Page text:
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Our uneconomic methods of measuring economic research

Academic economists – especially in the US – are continuously evaluated, with salaries and promotions hanging on outcomes. This column argues that the methods – identified from a survey of economics department chairs – are likely to reduce the amount of research created, perpetuate inefficiently sized research teams, promote false authorship, and penalise honest researchers. They also provide departments with excessive leeway to engage in potentially capricious behaviour.

In the movie Moneyball, a nerdy Ivy League economics major, working for a general manager played by Brad Pitt, found undervalued baseball players by applying clear-headed logic and statistical techniques.1 Many economists watching this movie probably felt a tinge of pride in seeing our tools portrayed as rigorously objective. After all, economists have long been proponents of using logic to eliminate inefficiencies and rent-seeking in the economy (e.g. Tullock 1967). Given this, it is surprising how infrequently that penetrating gaze has been focused on our own profession.

But some attention is warranted. Our methods for measuring and rewarding research – the key component for promotions and salaries – create inefficiencies and are inconsistent with what we teach our students about efficient production. Further, this inefficiency might be caused by economists’ own rent-seeking through the vehicle of departmental politics.

The manner in which we credit coauthorship and evaluate articles induces overly large research teams, encourages false authorship, enhances subjectivity, and penalises honest researchers.

Evaluating coauthorship credit

It is easy to create a division-of-credit system that gives researchers the correct incentives to choose efficiently-sized authoring teams. Simply put, a rule where the coauthors’ credit shares sum to one (i.e. full proration of credit) provides the correct incentives for choosing team sizes, and any other division rule does not. Yet, as Figure 1 shows, full proration of credit is almost never used in economics departments, according to my recent survey (Liebowitz forthcoming) of department chairs.2 More than a third of departments (16 out of 45) give each coauthor full credit for the entire article. Only one department completely prorates credit.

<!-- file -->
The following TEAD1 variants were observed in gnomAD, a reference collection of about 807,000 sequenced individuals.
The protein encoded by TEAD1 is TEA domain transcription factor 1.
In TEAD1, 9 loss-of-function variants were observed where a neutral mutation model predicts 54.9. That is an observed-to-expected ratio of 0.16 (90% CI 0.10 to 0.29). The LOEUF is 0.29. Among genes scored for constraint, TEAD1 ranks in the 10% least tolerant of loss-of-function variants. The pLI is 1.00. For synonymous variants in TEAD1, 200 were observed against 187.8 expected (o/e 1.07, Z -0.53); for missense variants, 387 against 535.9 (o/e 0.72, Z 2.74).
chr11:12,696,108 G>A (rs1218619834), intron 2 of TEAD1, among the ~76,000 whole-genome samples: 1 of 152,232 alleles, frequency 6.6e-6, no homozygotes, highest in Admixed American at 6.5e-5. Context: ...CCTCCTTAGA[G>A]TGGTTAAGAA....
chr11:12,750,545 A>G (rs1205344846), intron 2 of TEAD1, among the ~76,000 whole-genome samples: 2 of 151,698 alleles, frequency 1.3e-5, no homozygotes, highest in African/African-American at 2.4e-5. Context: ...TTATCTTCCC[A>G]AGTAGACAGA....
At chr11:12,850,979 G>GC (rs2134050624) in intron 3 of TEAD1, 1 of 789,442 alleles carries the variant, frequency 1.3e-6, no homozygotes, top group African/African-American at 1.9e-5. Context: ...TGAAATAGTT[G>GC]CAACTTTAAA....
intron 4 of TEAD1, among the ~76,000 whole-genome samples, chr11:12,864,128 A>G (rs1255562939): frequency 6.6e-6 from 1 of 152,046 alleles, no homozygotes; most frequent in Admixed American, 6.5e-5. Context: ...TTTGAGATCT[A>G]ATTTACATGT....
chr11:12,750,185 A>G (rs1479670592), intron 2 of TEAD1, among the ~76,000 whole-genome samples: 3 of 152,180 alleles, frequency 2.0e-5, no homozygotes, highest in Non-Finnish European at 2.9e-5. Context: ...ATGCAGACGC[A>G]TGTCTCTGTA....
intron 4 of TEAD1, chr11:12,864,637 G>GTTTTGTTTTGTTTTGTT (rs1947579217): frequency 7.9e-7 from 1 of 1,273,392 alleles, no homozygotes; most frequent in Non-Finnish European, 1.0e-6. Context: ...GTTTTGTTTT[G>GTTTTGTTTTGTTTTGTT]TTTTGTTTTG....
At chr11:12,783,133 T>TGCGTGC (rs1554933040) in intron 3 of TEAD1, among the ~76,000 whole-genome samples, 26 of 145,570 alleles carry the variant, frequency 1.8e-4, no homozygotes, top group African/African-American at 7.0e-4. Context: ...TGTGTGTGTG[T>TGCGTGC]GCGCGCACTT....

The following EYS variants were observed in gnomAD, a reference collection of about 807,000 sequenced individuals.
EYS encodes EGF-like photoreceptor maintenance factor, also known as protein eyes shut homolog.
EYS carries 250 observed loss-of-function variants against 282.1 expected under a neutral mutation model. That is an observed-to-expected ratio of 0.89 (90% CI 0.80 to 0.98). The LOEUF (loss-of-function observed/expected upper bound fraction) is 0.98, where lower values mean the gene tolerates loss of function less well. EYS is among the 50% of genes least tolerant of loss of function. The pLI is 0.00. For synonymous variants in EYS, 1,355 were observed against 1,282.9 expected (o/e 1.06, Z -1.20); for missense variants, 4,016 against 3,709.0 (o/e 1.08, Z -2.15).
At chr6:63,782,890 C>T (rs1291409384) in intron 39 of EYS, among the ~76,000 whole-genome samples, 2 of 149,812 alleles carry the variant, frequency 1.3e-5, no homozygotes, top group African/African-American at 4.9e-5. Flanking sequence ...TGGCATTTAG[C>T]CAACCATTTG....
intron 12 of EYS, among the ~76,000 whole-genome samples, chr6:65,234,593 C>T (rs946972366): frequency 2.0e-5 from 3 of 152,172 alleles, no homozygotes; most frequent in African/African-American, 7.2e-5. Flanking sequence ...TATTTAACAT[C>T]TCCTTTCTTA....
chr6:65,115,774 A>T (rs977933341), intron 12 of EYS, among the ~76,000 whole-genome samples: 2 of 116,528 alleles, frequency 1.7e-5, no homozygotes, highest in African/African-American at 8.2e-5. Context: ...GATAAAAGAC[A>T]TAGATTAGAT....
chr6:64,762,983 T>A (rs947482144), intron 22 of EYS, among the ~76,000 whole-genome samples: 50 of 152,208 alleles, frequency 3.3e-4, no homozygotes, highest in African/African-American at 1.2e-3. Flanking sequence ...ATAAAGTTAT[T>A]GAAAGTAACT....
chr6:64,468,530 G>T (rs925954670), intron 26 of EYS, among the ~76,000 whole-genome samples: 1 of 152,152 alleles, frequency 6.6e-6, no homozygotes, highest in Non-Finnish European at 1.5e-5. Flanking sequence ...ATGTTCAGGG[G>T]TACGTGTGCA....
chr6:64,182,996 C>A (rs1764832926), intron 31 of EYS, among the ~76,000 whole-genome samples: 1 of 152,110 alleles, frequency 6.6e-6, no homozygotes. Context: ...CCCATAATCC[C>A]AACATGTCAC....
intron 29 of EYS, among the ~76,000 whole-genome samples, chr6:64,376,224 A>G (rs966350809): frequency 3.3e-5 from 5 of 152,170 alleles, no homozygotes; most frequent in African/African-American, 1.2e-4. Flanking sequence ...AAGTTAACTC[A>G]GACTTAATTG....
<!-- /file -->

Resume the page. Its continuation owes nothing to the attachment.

Figure 1. Discounting of authorship

Zero proration is a flagrant violation of economic logic. For two identical quality articles, one written by a single author and the other written by four authors, should the credit to each of the four coauthors really be the same as the reward to the sole author? Do we normally say that efficient production requires that inputs get paid their marginal revenue product multiplied by the number of coworkers?

If the four-authored paper is not written with each author providing one-fourth or less effort compared to each author working alone, then that size of team is inefficient. But if each coauthor is given full credit, they have an incentive to coauthor even when the number of papers written by the four-author team is much lower than the number of equal quality papers they could write working alone or with smaller teams.

Departments that fail to discount by the number of coauthors should be embarrassed to use a measurement process that incorporates a logical error that would not be allowed in a micro principles course.

Are research-oriented departments more likely to award research credit rationally? The answer, found in Table 1, is yes and no. Higher-quality departments are more likely to prorate coauthorship than are lower-quality departments. Strangely, the amount of proration for those departments that prorate is somewhat greater for low-quality departments, leading to about the same overall degree of proration regardless of departmental quality.3

Table 1. Prorating author credit by departmental quality